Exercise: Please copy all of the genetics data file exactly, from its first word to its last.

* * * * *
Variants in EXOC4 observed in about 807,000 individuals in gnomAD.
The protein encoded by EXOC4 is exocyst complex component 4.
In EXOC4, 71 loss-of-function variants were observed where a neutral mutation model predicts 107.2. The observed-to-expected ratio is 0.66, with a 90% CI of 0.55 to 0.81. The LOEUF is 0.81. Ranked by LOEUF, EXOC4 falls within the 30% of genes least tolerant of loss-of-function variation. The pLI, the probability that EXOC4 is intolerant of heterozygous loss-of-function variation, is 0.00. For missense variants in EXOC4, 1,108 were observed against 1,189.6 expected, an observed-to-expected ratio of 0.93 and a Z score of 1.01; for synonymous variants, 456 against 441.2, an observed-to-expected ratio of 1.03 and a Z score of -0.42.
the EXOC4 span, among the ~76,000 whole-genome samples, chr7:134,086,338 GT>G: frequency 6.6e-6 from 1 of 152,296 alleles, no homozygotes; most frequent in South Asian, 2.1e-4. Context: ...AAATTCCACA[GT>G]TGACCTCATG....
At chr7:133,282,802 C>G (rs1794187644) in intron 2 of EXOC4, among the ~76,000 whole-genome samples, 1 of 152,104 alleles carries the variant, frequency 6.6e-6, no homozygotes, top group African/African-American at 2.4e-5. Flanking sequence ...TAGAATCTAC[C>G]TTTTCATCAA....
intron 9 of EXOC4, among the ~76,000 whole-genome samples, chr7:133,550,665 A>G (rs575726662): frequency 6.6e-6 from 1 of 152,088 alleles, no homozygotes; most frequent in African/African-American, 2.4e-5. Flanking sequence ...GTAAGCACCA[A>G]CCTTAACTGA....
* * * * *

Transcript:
Variants in EXOC4 observed in about 807,000 individuals in gnomAD.
The protein encoded by EXOC4 is exocyst complex component 4.
In EXOC4, 71 loss-of-function variants were observed where a neutral mutation model predicts 107.2. The observed-to-expected ratio is 0.66, with a 90% CI of 0.55 to 0.81. The LOEUF is 0.81. Ranked by LOEUF, EXOC4 falls within the 30% of genes least tolerant of loss-of-function variation. The pLI, the probability that EXOC4 is intolerant of heterozygous loss-of-function variation, is 0.00. For missense variants in EXOC4, 1,108 were observed against 1,189.6 expected, an observed-to-expected ratio of 0.93 and a Z score of 1.01; for synonymous variants, 456 against 441.2, an observed-to-expected ratio of 1.03 and a Z score of -0.42.
the EXOC4 span, among the ~76,000 whole-genome samples, chr7:134,086,338 GT>G: frequency 6.6e-6 from 1 of 152,296 alleles, no homozygotes; most frequent in South Asian, 2.1e-4. Context: ...AAATTCCACA[GT>G]TGACCTCATG....
At chr7:133,282,802 C>G (rs1794187644) in intron 2 of EXOC4, among the ~76,000 whole-genome samples, 1 of 152,104 alleles carries the variant, frequency 6.6e-6, no homozygotes, top group African/African-American at 2.4e-5. Flanking sequence ...TAGAATCTAC[C>G]TTTTCATCAA....
intron 9 of EXOC4, among the ~76,000 whole-genome samples, chr7:133,550,665 A>G (rs575726662): frequency 6.6e-6 from 1 of 152,088 alleles, no homozygotes; most frequent in African/African-American, 2.4e-5. Flanking sequence ...GTAAGCACCA[A>G]CCTTAACTGA....